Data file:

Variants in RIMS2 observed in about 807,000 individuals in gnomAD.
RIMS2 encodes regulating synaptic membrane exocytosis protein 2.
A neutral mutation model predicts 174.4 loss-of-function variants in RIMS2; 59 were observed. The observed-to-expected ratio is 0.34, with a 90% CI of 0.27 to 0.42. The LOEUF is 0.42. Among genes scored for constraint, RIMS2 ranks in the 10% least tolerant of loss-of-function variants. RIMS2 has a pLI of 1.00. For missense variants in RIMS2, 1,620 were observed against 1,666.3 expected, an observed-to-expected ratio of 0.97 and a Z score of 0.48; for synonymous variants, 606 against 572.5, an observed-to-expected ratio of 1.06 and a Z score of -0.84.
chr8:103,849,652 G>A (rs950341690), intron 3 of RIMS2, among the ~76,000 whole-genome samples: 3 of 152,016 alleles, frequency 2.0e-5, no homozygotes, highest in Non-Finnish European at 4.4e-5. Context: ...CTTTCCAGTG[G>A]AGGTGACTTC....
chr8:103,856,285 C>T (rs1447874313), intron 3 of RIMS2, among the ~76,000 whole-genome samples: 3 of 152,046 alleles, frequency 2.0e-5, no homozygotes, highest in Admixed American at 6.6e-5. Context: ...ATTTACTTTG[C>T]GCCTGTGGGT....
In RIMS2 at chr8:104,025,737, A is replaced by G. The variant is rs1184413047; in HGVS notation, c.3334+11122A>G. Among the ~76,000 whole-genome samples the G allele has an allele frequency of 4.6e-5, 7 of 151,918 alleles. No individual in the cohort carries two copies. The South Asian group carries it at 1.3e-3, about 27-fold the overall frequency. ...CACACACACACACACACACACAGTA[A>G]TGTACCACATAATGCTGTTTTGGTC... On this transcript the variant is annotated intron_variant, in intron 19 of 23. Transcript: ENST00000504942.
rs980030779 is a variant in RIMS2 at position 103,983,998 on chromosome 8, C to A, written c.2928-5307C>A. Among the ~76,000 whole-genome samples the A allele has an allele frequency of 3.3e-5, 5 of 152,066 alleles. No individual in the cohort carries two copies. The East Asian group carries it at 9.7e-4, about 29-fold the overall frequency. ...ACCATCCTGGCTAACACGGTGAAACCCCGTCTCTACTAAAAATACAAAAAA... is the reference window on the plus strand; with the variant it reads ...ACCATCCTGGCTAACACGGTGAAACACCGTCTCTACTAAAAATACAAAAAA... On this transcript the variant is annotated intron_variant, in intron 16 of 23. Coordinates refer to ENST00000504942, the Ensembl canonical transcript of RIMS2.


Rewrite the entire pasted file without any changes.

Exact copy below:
Variants in RIMS2 observed in about 807,000 individuals in gnomAD.
RIMS2 encodes regulating synaptic membrane exocytosis protein 2.
A neutral mutation model predicts 174.4 loss-of-function variants in RIMS2; 59 were observed. The observed-to-expected ratio is 0.34, with a 90% CI of 0.27 to 0.42. The LOEUF is 0.42. Among genes scored for constraint, RIMS2 ranks in the 10% least tolerant of loss-of-function variants. RIMS2 has a pLI of 1.00. For missense variants in RIMS2, 1,620 were observed against 1,666.3 expected, an observed-to-expected ratio of 0.97 and a Z score of 0.48; for synonymous variants, 606 against 572.5, an observed-to-expected ratio of 1.06 and a Z score of -0.84.
chr8:103,849,652 G>A (rs950341690), intron 3 of RIMS2, among the ~76,000 whole-genome samples: 3 of 152,016 alleles, frequency 2.0e-5, no homozygotes, highest in Non-Finnish European at 4.4e-5. Context: ...CTTTCCAGTG[G>A]AGGTGACTTC....
chr8:103,856,285 C>T (rs1447874313), intron 3 of RIMS2, among the ~76,000 whole-genome samples: 3 of 152,046 alleles, frequency 2.0e-5, no homozygotes, highest in Admixed American at 6.6e-5. Context: ...ATTTACTTTG[C>T]GCCTGTGGGT....
In RIMS2 at chr8:104,025,737, A is replaced by G. The variant is rs1184413047; in HGVS notation, c.3334+11122A>G. Among the ~76,000 whole-genome samples the G allele has an allele frequency of 4.6e-5, 7 of 151,918 alleles. No individual in the cohort carries two copies. The South Asian group carries it at 1.3e-3, about 27-fold the overall frequency. ...CACACACACACACACACACACAGTA[A>G]TGTACCACATAATGCTGTTTTGGTC... On this transcript the variant is annotated intron_variant, in intron 19 of 23. Transcript: ENST00000504942.
rs980030779 is a variant in RIMS2 at position 103,983,998 on chromosome 8, C to A, written c.2928-5307C>A. Among the ~76,000 whole-genome samples the A allele has an allele frequency of 3.3e-5, 5 of 152,066 alleles. No individual in the cohort carries two copies. The East Asian group carries it at 9.7e-4, about 29-fold the overall frequency. ...ACCATCCTGGCTAACACGGTGAAACCCCGTCTCTACTAAAAATACAAAAAA... is the reference window on the plus strand; with the variant it reads ...ACCATCCTGGCTAACACGGTGAAACACCGTCTCTACTAAAAATACAAAAAA... On this transcript the variant is annotated intron_variant, in intron 16 of 23. Coordinates refer to ENST00000504942, the Ensembl canonical transcript of RIMS2.